Dropping Fuel Prices Could Kill 2015 Ford F-150 Advantage?
Recently, fuel prices have been dropping through the country leading to questions about what fuel economy advantage will be with the all-new aluminum-based 2015 Ford F-150. The lighter weight F-150 should be much better on fuel, yet will anybody care about MPG when it launches?
A recent story in the Wall Street Journal questions Ford’s advantage in light of fuel prices being on average 23 cents lower than this time last year. In fact, the last week fuel prices dropped nearly 9 cents. Overall, gasonline prices have dropped 15 percent in the last four months. Cheaper gas is great for consumers, however, it isn’t so good for pushing out the next generation fuel-efficient trucks.
Ford defends themselves by saying they are looking long term. Joe Hinrichs, Ford’s president of the Americas region, said the truck positions Ford to be competitive for years to come as government fuel-economy standards rise, according to the Wall Street Journal article. And it gets a jump on the No. 2 truck seller, General Motors Co., which also plans to increase the use of aluminum and composites to produce lighter-weight vehicles.
Speaking of lighter weight, the new F-150 weighs around 700 lbs less in the crew cab model versus prior models. However, as we have pointed out several times, this weight drop puts it on par with other makers and not the segment leader.
The weight savings should translate into anywhere from 5-20 percent improvements in fuel economy depending on the model setup. Unfortunately, fuel economy numbers haven’t been released yet and won’t be until sometime in November.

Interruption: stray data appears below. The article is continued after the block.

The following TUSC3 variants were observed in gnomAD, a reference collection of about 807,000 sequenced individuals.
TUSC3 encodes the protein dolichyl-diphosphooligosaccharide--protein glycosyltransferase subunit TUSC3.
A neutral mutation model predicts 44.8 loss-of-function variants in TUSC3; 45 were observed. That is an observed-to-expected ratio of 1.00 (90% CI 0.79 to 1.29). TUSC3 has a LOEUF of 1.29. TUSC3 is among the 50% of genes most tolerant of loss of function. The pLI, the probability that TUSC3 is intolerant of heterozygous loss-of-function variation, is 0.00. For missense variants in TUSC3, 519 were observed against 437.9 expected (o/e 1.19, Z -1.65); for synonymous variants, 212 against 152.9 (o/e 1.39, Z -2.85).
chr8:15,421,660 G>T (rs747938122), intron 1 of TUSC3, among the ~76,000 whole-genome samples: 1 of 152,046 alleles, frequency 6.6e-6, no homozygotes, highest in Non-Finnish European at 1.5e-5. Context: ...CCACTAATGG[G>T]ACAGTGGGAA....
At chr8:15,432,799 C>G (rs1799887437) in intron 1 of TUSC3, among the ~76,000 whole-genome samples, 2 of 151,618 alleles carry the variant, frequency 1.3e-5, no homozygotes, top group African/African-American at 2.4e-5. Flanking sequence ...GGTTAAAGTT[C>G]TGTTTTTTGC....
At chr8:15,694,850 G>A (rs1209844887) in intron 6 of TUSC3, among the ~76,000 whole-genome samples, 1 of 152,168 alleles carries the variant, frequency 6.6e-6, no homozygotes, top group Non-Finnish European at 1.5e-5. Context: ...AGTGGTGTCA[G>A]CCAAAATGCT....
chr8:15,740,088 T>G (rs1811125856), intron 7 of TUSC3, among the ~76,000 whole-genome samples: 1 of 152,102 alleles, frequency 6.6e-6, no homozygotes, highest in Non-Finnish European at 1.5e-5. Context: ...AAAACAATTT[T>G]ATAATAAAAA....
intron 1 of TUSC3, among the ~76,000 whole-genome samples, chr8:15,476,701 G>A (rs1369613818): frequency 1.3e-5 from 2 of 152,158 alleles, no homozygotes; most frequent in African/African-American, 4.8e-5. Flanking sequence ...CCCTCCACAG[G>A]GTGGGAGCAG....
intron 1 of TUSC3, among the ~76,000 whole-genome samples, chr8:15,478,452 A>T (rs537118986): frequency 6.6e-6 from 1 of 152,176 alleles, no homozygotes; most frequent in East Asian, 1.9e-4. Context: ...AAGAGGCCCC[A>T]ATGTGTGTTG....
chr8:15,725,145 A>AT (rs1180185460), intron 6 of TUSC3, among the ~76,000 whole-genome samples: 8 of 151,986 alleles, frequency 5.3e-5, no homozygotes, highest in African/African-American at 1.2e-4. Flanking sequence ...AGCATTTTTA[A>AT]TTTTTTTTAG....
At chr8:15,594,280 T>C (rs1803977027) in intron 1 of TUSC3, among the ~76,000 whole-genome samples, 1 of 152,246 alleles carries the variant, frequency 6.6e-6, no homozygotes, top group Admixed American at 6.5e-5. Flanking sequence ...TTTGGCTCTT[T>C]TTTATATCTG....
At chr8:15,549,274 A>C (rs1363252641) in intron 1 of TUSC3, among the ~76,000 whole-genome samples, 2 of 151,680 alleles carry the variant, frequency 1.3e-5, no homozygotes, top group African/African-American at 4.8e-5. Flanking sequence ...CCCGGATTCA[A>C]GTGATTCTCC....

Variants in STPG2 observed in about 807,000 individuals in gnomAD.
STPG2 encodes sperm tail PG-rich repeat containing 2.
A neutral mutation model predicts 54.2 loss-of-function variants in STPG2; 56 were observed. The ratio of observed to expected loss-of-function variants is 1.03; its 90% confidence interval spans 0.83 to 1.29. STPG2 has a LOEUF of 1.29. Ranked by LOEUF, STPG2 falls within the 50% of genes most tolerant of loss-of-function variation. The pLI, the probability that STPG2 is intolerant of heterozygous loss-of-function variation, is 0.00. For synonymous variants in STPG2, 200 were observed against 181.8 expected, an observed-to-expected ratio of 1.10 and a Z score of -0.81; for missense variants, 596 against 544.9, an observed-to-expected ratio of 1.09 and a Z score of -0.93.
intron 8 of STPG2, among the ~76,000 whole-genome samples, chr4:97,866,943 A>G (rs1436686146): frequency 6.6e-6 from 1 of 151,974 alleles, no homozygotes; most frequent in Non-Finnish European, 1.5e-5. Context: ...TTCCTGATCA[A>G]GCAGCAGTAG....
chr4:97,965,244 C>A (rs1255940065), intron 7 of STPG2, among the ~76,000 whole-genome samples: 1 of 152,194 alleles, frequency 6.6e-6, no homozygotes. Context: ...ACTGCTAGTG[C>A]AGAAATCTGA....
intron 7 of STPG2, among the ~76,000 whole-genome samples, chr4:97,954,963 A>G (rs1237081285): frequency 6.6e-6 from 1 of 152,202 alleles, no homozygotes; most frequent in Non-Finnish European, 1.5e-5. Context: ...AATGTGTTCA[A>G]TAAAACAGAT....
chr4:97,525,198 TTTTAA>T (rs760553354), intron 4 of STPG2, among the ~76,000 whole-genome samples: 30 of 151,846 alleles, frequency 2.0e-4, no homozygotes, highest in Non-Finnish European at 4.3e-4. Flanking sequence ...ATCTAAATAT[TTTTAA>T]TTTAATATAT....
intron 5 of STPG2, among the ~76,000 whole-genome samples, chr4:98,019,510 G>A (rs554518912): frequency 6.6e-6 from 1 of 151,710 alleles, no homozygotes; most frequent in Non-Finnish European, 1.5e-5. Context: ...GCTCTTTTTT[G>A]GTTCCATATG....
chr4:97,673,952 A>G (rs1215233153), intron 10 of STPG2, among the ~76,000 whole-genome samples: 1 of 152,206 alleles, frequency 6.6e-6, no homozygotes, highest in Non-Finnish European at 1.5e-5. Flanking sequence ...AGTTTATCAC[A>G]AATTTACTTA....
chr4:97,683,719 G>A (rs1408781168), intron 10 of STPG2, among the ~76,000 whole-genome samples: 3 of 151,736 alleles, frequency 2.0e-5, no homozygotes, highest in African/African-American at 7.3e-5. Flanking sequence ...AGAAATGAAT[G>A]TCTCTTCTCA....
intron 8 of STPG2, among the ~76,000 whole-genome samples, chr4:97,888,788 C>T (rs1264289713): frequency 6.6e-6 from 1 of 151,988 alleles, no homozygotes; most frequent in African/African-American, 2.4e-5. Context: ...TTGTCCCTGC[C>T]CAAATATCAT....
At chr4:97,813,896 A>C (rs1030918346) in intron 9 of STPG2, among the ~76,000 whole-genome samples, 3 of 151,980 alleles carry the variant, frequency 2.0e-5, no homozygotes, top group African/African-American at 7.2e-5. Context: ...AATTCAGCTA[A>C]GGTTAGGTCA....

Currently, EPA fuel economy estimates of the 5.0L V8 is 15/21 mpg (2WD) and 14/19 mpg (4WD). If you add 20 percent to these figures, you get approximately 18/25 (2WD) and 16/23 (4WD).
This may seem like great fuel economy, but remember that these figures are for the base models and thus are the lighter weight models. All automakers do this when putting out truck information.
Real-world fuel economy is a different story. A quick scan of the popular Fuelly.com site shows most Super Crew trucks come in at 15-16.
If the new F-150 indeed provides better fuel economy for the Super Crew and real-world customers, it looks like it will be more in the 2-3 MPG range. This may not be a big selling point considering an oil glut is seeing fuel prices drop.
Financial analysts seem to agree. Ford shares recently traded at an 18-month low.
“The world seems to have fundamentally changed from when the product was” first planned, said Brian Johnson to the Wall Street Jounal, a senior analyst at Barclays who calculates the cost to Ford of developing new engines, production equipment in excess of $3 billion. Ford “will improve the price point over the outgoing truck by appealing to the price insensitive, upper-end buyer, but getting a premium based on future lifetime fuel-economy savings isn’t going to happen.”
Also, Adam Jonas, a Morgan Stanley auto analyst, recently lowered his outlook for Ford shares based on the risks associated with the F-150 launch.
As we have suggested several times, the new 2015 Ford F-150 is a big gamble. While it will pay off to some degree for Ford, it remains to be seen how much.
Filed Under: Auto News